My first taste of life (and death) came in the form of a monarch butterfly.
Inside three tiny, rectangular containers in my kindergarten class, I watched two monarchs undergo the process of metamorphosis, venturing from boldly striped caterpillars, to pupae, to glistening green chrysalis and—finally—to the orange-and-black butterflies we released out into the springtime air to meet their own fate.
Today, wide-eyed children may not be afforded the opportunity to experience this kind of first-hand natural interaction, as monarchs—a butterfly staple of classrooms and outdoor education programs for decades—have recently been added to the United States Endangered Species “status review” list due to their declining numbers.
The butterfly’s legions have steadily declined over the past 20 years, falling from one billion in the mid-1990s to only 35 million in 2014, due in large part to climate change and the use of systemic pesticides by major farming operations. While they have upped the production of soybeans and corn, these pesticides and new-wave farming practices have all but wiped out milkweed, the monarch’s natural food source.
“When you look at the map of the United States and it says ‘corn belt,’ that’s what used to be the prairie. Now, there’s less than 2 percent prairie in the U.S., and that’s where milkweed used to grow,” says Joanna Kirby, president of The Garden Club of Kentucky. “Chemical companies have come up with ‘Round-Up ready’ crops, so you can plant a whole field of corn or soybeans, spray it and it kills everything but those crops.”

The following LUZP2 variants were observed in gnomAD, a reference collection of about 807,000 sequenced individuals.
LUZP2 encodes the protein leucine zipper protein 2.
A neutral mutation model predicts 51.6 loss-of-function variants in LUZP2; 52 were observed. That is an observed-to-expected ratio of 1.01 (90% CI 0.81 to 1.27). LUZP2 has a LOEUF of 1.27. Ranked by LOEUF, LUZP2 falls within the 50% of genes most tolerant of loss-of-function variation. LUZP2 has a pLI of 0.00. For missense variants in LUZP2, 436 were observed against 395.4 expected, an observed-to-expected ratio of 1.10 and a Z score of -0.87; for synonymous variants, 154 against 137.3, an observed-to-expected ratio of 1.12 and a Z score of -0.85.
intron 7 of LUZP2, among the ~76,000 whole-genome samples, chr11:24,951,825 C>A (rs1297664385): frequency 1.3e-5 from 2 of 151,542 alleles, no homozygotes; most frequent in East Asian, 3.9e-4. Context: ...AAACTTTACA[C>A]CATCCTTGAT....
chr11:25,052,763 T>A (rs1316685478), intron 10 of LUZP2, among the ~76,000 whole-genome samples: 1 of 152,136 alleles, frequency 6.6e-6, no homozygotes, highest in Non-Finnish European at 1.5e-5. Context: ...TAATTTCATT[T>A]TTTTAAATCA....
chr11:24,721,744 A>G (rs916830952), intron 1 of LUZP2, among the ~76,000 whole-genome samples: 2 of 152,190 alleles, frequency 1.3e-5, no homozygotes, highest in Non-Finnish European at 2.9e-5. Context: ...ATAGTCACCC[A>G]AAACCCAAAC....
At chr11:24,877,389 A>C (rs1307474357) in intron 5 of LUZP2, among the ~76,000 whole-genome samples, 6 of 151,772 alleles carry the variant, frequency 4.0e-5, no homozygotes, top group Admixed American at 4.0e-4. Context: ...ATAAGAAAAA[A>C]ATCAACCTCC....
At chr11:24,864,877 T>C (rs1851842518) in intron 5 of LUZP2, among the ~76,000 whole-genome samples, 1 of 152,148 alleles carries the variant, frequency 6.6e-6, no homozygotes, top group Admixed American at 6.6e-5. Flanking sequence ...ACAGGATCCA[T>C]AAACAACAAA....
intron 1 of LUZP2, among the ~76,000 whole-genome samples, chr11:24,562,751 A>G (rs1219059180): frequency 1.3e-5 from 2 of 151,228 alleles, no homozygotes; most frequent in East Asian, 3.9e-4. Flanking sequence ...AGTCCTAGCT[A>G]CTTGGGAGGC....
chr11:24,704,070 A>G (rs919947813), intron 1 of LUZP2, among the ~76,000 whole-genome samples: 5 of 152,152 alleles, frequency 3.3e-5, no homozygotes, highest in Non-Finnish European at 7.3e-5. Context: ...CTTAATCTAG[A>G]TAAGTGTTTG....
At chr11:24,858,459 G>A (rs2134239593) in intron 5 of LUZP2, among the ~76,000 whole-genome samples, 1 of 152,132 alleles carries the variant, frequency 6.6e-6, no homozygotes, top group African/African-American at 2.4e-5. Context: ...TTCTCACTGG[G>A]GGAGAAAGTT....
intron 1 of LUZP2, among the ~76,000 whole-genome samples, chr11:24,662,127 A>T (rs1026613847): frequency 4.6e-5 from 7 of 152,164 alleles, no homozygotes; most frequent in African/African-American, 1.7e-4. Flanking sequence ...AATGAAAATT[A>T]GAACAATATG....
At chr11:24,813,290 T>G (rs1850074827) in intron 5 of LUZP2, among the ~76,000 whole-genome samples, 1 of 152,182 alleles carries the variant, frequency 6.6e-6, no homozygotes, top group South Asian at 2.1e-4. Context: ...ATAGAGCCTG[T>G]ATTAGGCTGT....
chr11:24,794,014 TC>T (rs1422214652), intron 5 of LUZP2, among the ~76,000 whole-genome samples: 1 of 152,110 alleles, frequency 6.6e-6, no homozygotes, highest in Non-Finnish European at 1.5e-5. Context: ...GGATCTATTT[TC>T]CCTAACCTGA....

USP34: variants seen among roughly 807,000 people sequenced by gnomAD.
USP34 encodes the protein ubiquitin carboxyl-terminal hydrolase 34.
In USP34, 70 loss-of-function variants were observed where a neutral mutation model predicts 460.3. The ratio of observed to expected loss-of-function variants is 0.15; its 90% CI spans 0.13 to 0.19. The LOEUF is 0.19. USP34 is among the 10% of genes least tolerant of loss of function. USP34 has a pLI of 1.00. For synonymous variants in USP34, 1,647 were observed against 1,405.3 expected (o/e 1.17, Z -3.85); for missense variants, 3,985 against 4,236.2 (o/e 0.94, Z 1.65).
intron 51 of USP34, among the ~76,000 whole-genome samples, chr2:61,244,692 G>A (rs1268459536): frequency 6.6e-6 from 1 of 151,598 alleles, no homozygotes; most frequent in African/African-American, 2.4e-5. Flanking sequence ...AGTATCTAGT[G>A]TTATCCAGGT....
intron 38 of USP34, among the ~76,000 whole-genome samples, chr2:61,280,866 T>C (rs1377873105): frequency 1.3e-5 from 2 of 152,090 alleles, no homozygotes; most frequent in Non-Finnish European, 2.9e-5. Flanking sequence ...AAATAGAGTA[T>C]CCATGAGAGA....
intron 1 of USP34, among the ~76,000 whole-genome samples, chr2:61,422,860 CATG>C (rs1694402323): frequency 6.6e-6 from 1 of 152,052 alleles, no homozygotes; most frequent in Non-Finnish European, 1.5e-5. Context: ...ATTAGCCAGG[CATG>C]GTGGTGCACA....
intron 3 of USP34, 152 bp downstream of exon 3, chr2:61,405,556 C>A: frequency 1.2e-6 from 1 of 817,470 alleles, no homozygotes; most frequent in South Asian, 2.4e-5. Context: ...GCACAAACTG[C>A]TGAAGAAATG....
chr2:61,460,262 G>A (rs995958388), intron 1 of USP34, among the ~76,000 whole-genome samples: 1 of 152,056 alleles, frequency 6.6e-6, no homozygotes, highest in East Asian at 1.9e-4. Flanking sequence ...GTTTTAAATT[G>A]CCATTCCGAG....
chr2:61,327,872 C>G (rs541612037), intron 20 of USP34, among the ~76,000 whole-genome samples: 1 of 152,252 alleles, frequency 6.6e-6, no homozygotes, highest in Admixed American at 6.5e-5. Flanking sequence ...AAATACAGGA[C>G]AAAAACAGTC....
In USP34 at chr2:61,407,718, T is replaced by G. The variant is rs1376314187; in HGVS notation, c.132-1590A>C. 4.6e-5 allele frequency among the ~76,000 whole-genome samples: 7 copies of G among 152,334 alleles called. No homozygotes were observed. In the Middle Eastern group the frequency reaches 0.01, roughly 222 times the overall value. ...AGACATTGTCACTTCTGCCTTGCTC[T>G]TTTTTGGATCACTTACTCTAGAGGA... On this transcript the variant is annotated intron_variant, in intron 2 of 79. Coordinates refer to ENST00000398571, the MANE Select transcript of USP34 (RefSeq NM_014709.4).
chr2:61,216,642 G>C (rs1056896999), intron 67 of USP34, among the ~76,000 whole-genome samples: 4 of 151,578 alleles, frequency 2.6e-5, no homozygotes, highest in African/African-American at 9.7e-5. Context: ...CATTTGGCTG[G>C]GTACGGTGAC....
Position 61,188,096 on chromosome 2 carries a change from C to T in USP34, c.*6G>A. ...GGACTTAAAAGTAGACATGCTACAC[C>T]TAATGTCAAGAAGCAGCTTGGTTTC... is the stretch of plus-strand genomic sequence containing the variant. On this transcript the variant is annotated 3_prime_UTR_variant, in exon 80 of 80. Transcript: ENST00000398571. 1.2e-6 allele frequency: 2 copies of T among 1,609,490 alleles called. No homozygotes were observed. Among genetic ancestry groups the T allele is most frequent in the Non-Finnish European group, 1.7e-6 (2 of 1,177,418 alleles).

This differs from practices of yesteryear, which allowed room for native plants to thrive on the edge of farmland. “In the past, farmers would leave a swath of land on the fence rows where they would turn their machinery. Today, [farmers] can go fencerow-to-fencerow with crops, leaving nothing else standing. All you see through Indiana or Illinois are soybeans or corn. With this practice, you eliminate milkweed. It is 6,000 acres a day we’re losing, and you can imagine why the monarch is having such a hard time traveling through the United States,” says Kirby.
Local gardeners have started to take small-scale action. Monarch waystations have been multiplying rapidly across the Midwest.
In response, local gardeners have started to take small-scale action. Monarch waystations (specially built gardens that provide proper plants and conditions for monarchs to reproduce) have been multiplying rapidly across the Midwest, which has long been the trail through which the butterflies make their annual winter migration from Canada to Mexico. Kirby and Linda Porter (the Kentucky club’s special projects coordinator) have been evangelists for this movement, traveling across the region since 2013 in an effort to help individuals and organizations craft monarch waystations in their backyards.
When they began in 2013, there were only 39 Monarch Watch Certified waystations in Kentucky. By January of 2015, 226 waystations had been constructed across the state, popping up in private gardens, schools, arboretums and even the Governor’s Mansion.